We can learn something from the perseverance of an Olympic athlete.
In 1968 during the marathon event of the Olympics, a now-famous John Stephen Akhwari suffered a devastating accident. After dealing with some cramping, he was knocked down while jockeying for position, badly injuring his knee and shoulder. Later, after finally completing the course, he was asked why, even though he had lost the race by several hours, he had continued running. His answer was simple: “My country did not send me 5,000 miles away to start the race. They sent me 5,000 miles to finish it.”1
What’s It All About Anyway?
Every four years nations around the world send their best athletes to compete in the largest sporting event on the globe. It may not have the national viewing audience of the Super Bowl, or the hyper gloss and slick marketing of the NBA, but this event speaks more to the population of the world, the everyman, if you will.
These athletes, who will return home to jobs and school, compete for one of three medal types: gold, silver, or bronze. The opportunity to stand on the pedestal and receive a medal for your country is a national honor. In these feats of athletic prowess (and mental fortitude), the audience is treated to what the very best of every country has to offer. It is the ultimate view of what the body can accomplish when tied to a will to keep going when everything in your body wants to quit. The dedication necessary to get up early morning before school during the winter months is embodied in the families that sacrifice for their Olympian to get specialized training in their respective sport.
Athletes, Attendees, Audience
I have never been an Olympics watcher. I pay attention only to the basketball competitions and, sometimes, track and field. This year’s Olympics hold special distinctions. First, it was displaced because of the COVID-19 pandemic; and second, there are no fans in the stands. Without the audience there to cheer on athletes, there is a missing piece to the athletic competition.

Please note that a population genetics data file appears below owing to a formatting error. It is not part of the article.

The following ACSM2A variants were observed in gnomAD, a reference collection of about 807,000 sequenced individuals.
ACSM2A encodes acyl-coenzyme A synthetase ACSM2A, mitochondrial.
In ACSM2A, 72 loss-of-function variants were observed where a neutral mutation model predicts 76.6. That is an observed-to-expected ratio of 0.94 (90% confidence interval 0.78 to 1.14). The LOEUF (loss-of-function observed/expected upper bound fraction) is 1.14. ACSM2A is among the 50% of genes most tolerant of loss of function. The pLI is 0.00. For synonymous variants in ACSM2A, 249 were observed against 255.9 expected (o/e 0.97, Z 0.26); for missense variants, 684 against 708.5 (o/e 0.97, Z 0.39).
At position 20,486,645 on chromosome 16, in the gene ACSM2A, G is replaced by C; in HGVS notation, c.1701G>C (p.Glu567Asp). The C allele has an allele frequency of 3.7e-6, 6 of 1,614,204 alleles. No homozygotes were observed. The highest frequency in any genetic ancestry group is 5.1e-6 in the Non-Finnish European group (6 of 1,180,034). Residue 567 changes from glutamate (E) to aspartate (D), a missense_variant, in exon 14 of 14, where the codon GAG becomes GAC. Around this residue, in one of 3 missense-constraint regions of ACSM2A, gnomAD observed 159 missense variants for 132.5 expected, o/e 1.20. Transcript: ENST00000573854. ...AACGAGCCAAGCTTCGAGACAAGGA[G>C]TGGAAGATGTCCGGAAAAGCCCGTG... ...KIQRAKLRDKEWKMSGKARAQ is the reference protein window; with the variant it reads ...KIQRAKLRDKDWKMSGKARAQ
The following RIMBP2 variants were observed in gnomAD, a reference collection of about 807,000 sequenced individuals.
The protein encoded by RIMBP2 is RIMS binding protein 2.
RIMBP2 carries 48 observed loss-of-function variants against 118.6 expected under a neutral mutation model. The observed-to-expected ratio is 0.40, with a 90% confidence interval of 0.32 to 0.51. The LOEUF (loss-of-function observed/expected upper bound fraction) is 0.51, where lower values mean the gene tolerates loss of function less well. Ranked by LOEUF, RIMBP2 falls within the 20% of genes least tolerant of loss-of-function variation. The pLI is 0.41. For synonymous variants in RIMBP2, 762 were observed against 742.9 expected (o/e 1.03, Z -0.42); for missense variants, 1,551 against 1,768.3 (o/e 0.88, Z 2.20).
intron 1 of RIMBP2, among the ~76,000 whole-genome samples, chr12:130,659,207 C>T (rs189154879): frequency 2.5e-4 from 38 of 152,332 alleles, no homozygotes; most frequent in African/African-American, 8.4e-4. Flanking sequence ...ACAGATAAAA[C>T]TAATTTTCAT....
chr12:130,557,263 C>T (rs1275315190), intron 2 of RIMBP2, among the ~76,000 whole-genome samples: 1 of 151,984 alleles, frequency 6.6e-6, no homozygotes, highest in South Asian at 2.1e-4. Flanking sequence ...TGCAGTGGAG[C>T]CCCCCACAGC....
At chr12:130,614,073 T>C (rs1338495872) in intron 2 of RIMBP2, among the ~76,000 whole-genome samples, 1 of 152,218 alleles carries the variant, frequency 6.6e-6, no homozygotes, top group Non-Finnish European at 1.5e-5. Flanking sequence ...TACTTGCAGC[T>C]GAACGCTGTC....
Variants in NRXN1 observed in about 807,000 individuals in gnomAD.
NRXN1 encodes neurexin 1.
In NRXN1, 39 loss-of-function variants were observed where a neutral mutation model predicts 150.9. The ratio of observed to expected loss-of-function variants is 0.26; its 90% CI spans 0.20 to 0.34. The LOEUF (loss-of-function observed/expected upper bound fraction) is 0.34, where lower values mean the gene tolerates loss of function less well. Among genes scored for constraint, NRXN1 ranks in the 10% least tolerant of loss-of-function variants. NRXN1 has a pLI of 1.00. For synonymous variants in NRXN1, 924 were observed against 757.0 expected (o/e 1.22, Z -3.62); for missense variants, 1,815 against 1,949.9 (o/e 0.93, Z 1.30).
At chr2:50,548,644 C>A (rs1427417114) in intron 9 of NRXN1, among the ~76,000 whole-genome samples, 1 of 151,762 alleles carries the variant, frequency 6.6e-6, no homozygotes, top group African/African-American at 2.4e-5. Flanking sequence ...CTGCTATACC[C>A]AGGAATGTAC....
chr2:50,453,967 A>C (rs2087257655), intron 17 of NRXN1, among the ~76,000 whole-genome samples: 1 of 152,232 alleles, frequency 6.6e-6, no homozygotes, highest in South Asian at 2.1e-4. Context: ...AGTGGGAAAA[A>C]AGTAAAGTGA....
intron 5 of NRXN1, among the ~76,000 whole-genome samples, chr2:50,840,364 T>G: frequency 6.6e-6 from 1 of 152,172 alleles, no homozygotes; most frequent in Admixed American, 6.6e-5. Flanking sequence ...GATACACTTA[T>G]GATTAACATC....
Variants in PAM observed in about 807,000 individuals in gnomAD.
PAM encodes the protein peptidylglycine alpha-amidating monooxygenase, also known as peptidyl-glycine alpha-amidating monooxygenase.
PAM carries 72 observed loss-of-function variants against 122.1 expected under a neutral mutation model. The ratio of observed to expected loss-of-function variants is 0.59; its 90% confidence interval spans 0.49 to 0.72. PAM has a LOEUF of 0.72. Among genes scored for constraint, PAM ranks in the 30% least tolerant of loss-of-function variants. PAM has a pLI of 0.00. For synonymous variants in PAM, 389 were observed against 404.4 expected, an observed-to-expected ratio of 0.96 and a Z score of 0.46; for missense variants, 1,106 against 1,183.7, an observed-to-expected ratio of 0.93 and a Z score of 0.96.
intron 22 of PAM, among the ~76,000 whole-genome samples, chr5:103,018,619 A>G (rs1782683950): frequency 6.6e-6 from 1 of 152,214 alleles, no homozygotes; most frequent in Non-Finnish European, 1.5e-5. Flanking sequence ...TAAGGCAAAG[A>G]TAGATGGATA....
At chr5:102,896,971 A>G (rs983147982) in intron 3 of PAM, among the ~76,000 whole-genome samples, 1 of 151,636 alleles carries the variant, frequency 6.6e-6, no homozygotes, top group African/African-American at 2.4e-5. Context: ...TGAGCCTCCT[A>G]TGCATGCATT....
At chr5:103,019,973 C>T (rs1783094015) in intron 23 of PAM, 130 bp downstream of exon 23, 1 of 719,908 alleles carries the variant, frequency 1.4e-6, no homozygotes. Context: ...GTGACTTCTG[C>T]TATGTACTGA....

The crowds that are usually in attendance represent people who’ve saved up to visit a new country. Many in the crowd represent families that come to support their Olympian. Some families have made the Olympics their family vacation. One such former Olympics attender is Maria Taylor, who attended 25 years ago with her family in Atlanta. She had no relatives competing, yet her mother thought it important to get tickets to as many events as possible for their family to gain an appreciation for the event. Fast-forward to now, and Maria Taylor is no longer a spectator but a commentator for NBC sports. She credits the event and the amazing athletes she observed as fueling her love of sports.
The audience in the stands can be an integral part of the journey at the Olympic games. There is even a term for their role: “the crowd effect.” In psychology, it is a subset known as crowd psychology: “Ordinary people typically can gain direct power by acting collectively.”2
The energy of the crowd, these disparate people acting together, can lift competitors’ spirits. The encouragement of the crowd and these families that have sacrificed inspire the athletes to find a second wind in competition. The excitement of the crowd, people who just love sports, can help any competitor to remember why they spent as much time as they did to rise to the station of representing their country. After all, they did not come all this way, sacrifice all this time, to just start. They came to finish.
The Christian journey is an Olympics of sorts. There is a sacrifice made to follow the Jewish Carpenter from the wrong side of town. Many must make the decision to represent the kingdom in our everyday endeavors. Yet we do not do the things we do to gain earthly temporal medals. We do them to gain an uncorruptible eternal one (see 1 Cor. 9:25).
We have a crowd that pushes us as well, a cloud of witnesses (Heb. 12:1), whose eternal energy is not dampened when we are knocked down, injured, or hurt. Their energy pushes us to keep going and to not give up.
John Stephen Akhwari, and many other Olympic competitors throughout the years, have gained strength from hearing the cheers of the crowds. They have kept the winning attitude because finishing—with sports as with salvation—is the principal matter. No one vacillating between advancing and looking back is fit to win the prize (Luke 9:62).